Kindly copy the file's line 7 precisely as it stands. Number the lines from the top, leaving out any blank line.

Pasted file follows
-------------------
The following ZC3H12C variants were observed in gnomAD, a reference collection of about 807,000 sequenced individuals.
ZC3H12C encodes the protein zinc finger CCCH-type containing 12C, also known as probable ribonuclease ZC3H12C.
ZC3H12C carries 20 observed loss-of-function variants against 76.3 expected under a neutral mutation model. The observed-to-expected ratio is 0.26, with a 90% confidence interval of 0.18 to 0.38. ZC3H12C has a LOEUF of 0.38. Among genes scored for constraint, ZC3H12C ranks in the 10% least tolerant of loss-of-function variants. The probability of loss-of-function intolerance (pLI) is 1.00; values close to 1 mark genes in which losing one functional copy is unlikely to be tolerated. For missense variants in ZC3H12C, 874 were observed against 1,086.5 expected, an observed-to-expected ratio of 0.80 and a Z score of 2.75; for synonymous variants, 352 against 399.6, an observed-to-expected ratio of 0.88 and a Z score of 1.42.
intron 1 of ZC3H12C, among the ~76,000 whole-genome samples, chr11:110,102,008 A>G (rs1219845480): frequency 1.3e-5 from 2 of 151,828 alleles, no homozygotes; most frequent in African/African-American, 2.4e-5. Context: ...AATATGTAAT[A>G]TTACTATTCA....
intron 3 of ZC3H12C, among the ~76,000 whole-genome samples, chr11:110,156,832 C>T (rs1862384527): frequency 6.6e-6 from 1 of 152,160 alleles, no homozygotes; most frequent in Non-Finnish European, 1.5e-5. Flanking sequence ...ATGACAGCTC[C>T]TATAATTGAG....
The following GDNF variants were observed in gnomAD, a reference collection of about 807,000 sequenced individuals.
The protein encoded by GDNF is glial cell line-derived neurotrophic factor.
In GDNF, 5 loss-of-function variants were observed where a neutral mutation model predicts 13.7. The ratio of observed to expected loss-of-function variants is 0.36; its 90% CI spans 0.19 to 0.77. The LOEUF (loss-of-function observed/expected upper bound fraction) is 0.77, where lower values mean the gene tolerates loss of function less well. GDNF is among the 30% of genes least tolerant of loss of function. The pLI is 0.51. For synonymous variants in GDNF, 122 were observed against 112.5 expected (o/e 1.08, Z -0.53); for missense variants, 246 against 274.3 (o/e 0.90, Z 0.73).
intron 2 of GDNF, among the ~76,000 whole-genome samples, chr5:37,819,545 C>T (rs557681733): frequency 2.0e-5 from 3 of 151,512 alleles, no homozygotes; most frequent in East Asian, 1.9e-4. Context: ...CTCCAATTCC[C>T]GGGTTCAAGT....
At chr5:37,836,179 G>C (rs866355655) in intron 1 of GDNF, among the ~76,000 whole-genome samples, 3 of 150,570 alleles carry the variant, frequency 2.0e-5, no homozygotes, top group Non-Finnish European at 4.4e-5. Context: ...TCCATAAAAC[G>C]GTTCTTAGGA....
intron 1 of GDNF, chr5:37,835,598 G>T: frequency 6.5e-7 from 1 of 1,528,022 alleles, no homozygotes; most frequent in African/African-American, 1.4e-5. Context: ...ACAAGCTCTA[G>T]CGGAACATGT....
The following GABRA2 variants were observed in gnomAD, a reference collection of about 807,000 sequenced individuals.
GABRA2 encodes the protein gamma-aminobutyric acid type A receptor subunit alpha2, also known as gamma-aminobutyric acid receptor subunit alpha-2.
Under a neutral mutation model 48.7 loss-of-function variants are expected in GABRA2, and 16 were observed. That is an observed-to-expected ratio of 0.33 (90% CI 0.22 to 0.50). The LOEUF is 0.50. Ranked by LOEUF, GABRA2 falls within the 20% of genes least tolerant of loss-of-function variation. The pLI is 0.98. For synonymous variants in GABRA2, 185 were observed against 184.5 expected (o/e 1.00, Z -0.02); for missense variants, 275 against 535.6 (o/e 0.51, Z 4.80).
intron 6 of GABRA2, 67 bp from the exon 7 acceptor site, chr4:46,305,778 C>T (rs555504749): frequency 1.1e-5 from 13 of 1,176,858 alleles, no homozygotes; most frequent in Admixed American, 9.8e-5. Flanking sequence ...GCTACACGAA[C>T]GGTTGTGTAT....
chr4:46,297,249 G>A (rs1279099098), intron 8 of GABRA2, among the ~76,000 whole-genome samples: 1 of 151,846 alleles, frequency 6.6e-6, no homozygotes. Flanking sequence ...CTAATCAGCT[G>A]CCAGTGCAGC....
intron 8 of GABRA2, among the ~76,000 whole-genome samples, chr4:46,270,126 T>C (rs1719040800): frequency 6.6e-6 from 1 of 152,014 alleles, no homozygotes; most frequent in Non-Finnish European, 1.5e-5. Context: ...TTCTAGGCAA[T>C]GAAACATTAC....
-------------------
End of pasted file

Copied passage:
The protein encoded by GDNF is glial cell line-derived neurotrophic factor.